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I found in one directory file:

.nfs089534905405e93485ab905

Strange, but I cannot delete it.

rm: cannot remove `.nfs089534905405e93485ab905': Device or resource busy

I have check with

ps aux | grep nfs089534905405e93485ab905

But there are no process that use this file. What can be the reason? How to delete?

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closed as off topic by 一二三, Greg Hewgill, Jay Riggs, Chris, Johnsyweb Nov 19 '11 at 7:51

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2  
ps really isn't meant to check resources. Use lsof or fuser. –  Chris Nov 19 '11 at 7:33
    
bash: lsof: command not found –  user710818 Nov 19 '11 at 7:36
    
bash: fuser: command not found –  user710818 Nov 19 '11 at 7:36
4  
...yes, you do actually have install those programs first, as well as have root privileges –  Chris Nov 19 '11 at 7:37
1  
This question belongs on unix.stackexchange.com, since it's not programming-related. –  Johnsyweb Nov 19 '11 at 7:51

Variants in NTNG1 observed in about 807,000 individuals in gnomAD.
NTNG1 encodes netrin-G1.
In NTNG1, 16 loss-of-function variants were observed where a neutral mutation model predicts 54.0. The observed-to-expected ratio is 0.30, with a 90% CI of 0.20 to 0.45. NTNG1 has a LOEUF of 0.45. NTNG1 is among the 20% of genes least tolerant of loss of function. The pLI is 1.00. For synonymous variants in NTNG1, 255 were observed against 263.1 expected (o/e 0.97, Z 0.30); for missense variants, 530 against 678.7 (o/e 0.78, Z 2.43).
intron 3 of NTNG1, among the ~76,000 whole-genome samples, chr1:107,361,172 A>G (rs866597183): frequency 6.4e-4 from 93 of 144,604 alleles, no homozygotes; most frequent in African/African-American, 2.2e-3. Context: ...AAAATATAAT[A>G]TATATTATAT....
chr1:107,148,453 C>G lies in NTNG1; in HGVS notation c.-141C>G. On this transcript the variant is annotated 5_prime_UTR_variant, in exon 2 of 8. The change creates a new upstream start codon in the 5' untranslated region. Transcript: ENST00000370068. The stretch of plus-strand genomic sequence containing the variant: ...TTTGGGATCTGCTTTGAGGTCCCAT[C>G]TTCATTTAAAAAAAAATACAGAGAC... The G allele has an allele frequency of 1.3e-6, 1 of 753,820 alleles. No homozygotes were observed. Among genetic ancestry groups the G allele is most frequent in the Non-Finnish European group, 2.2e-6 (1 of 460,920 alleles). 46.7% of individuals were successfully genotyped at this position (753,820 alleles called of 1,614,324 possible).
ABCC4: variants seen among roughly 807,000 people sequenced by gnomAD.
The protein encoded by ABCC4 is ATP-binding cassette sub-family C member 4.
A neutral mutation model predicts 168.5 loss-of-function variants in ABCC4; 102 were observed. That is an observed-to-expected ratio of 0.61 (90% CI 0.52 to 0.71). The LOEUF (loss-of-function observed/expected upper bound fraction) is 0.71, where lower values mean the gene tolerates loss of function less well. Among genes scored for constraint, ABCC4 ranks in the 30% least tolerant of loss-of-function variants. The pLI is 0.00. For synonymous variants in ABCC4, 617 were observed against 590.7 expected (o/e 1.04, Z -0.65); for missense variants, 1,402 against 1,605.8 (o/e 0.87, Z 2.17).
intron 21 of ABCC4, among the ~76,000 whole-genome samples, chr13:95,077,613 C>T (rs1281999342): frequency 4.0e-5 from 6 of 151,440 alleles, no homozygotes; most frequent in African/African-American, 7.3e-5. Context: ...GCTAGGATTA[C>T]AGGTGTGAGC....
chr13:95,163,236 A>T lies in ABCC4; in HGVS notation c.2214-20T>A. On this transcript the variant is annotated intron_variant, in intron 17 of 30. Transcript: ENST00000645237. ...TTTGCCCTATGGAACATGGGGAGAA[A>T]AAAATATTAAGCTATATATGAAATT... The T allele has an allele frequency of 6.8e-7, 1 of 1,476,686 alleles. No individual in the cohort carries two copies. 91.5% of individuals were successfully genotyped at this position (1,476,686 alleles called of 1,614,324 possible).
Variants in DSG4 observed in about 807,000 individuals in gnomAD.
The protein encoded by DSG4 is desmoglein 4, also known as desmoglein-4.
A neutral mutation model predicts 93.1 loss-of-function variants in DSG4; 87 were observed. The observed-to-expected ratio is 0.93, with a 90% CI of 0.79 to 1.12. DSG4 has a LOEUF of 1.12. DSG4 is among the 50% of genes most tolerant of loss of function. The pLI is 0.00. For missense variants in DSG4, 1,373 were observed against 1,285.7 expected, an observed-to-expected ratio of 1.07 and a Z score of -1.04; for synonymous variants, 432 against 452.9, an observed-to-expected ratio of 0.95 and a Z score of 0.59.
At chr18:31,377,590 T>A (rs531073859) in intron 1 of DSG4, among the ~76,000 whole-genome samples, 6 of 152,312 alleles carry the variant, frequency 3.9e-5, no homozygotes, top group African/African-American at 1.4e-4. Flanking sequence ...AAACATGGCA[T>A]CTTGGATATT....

2 Answers 2

up vote 2 down vote accepted

You can unmount your NFS network share :)

ADDENDUM: * This link suggests:

1) reboot

2) unmount the filesystem that has your custom folder with the .nfs lock file

3) explicitly run fsck on that filesystem

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I created directory in my folder log. The name of directory is backup12. But for unknown reasons in this directory appeared this strange file! And now I cannot delete my custom directory! –  user710818 Nov 19 '11 at 7:32
    
@user710818 - I've added to my post above, and given sample syntax and some links. Basically, try 1) rebooting your system, and 2) run "fsck". –  paulsm4 Nov 19 '11 at 22:06
    
You can also mount the directory on a different machine and delete them from there. –  Dan Albert Jun 27 '13 at 23:29

These files appear when an open file on the NFS share gets removed. Such files get deleted automatically when they're closed.

ps isn't the right tool for checking which processes have the file open. fuser and lsof are better, but bear in mind that the file could be open be a process running on a different box. If that's the case, fuser and lsof have to be run on the machine where the locking process resides.

klm123's comment below shows how to use lsof to find the offending process:

 lsof | grep nfs000000000a1f424800000c9c; kill -9 procId
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But this file already 1 week! How I can found which process use it? I would like kill this process. –  user710818 Nov 19 '11 at 7:35
2  
I did it with lsof | grep nfs000000000a1f424800000c9c; kill -9 procId –  klm123 Sep 2 '13 at 19:50
    
lsof is awesome!! –  Marslo Mar 20 at 11:05

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